About 4,350 loggerhead turtle, or Caretta Caretta, hatchlings have managed to crawl into the Mediterranean Sea from the Çıralı beach area in the province of Kemer , Antalya between May and September, according to a report by an environmental organization, which has made serious warnings about the future of the world’s largest hard-shelled turtle.
Some 3,650 baby turtles on the Çıralı beach and nearly 700 others at nearby coves hatched and crawled into the sea, said the Ulupınar Environmental Protection, Development and Operation Cooperative in its annual report.
Even though volunteers and five wardens keep watch from 10 p.m. and 5:30 a.m. during the egg-laying season, at least 11 of the 109 Caretta caretta nests were damaged by beachgoers, it added.
A total of 7,351 eggs were counted in the mentioned nests, but baby turtles hatched from only half of them, said the report.
“It was extremely difficult to re-find the location of the detected nests as many of them were damaged by drivers and campers … Campers stay near the coves during the summer, building fires and making noise till the morning. As a result of this, the number of nests at the coves are in decline,” it said.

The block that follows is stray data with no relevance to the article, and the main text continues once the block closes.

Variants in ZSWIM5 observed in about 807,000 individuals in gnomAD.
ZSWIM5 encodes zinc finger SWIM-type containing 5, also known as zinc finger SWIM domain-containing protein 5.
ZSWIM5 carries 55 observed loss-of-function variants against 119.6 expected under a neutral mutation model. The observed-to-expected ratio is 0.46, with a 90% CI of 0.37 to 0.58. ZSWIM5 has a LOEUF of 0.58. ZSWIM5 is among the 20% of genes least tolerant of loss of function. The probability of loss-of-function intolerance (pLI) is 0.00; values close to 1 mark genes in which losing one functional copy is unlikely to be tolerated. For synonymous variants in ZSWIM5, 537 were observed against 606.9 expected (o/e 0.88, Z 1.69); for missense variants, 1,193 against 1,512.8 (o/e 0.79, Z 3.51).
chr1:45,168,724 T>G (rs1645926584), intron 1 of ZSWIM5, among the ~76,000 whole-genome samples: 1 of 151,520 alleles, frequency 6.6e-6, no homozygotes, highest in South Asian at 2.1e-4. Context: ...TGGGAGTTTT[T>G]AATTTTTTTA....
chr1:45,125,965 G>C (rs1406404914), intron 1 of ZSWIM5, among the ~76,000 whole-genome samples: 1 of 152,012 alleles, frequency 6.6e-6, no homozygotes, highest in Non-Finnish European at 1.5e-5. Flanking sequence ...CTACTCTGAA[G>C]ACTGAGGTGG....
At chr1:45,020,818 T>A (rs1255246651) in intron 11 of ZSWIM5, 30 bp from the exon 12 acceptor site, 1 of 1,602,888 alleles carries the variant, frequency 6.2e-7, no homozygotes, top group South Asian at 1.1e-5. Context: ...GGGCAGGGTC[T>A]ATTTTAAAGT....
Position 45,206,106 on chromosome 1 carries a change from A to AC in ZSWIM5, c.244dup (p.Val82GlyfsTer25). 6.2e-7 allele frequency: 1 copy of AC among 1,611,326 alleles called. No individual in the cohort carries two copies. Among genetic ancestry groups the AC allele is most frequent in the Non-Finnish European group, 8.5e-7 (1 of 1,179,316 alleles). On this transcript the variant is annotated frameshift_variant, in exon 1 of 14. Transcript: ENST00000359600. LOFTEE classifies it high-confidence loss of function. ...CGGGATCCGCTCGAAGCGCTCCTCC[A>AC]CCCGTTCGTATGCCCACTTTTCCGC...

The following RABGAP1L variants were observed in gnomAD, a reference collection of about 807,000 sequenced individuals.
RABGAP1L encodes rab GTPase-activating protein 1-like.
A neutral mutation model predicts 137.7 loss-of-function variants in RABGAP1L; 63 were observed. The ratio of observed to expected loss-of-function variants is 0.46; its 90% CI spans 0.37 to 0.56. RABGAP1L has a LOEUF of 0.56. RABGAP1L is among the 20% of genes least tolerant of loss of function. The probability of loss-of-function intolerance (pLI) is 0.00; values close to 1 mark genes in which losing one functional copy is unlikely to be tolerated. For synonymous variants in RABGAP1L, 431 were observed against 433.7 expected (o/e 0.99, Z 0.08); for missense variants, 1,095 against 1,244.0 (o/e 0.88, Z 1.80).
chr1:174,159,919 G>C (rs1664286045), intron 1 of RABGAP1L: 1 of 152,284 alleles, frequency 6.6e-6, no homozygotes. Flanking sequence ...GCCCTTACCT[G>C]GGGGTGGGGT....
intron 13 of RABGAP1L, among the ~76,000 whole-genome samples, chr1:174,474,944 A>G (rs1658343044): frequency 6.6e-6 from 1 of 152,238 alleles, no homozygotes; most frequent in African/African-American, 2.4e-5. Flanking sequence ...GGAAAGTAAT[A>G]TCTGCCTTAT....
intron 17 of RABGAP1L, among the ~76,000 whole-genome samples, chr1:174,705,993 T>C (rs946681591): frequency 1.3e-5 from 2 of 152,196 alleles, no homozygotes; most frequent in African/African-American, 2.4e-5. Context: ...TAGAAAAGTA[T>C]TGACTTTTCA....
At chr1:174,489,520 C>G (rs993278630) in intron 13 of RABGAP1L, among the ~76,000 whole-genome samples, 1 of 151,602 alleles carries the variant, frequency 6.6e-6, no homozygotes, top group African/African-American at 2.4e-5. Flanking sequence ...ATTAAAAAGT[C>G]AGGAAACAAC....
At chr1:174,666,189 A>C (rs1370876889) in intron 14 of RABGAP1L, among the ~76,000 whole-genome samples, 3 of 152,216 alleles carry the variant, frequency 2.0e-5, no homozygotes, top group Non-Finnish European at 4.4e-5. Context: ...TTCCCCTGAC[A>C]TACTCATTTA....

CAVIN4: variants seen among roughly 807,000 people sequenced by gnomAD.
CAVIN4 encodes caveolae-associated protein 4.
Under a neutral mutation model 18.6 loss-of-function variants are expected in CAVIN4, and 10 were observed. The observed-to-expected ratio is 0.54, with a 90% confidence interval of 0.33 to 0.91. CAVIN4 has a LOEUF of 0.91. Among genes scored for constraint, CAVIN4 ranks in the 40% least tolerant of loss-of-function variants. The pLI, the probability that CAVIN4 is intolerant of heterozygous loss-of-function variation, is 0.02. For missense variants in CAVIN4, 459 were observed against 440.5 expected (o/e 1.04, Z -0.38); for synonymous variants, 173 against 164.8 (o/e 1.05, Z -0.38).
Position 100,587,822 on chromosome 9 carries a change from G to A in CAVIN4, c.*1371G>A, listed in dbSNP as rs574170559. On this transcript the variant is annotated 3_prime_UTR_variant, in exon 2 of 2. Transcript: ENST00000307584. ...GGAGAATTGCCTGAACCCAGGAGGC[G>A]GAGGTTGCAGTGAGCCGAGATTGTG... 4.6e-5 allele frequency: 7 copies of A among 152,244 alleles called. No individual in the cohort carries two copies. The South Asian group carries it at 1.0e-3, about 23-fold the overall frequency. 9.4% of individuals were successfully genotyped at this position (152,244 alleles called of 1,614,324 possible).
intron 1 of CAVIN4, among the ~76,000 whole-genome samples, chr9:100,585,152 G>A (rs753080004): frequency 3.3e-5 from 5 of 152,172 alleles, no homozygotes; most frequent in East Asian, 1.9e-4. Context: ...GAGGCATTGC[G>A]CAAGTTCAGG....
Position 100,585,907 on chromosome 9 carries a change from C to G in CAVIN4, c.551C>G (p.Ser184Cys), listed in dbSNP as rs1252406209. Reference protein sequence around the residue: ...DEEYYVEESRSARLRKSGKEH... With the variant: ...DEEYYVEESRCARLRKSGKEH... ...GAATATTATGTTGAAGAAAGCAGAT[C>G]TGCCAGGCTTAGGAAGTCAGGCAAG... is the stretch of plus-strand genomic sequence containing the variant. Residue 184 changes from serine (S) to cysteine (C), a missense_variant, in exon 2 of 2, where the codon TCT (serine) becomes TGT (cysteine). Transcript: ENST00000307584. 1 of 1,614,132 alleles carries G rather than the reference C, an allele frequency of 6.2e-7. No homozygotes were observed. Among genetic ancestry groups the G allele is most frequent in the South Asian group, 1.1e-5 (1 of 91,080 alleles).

The dead bodies of nine sea turtles were found on the shore in the Çıralı region in 2019, said the report, adding that five of them were of the green turtle (Chelonia mydas) species and others were loggerhead turtles.
At least two of the deaths were caused by boat screw propeller, and two turtles were killed by fishing nets. The exact cause of death of the five others was not clear, but plastic materials were seen in their mouths and throats, according to the report.
During the hatching season, streetlamps get turned off along a nine-kilometer-long shoreline, with a driver being fined 60,000 Turkish Liras ($10,450) for entering the beach, it said.
Turkey’s Mediterranean and Aegean coasts house more than 20 nesting areas of the endangered Caretta caretta species.
Some 100,000 baby sea turtles are expected to reach the sea from the Turkish beaches in 2019, however, a vast majority of them cannot survive, falling prey to fish.
These turtles build a 20- to 24-inch deep nest in the beach.
After a 45- to 65-day incubation period, hatchlings try to reach the sea by following the moonlight, but artificial light often confuses them making them lose their way and die.
Wildlife workers build cages around the nests to mark them as a warning to tourists. Beaches with nests are closed after the sun sets.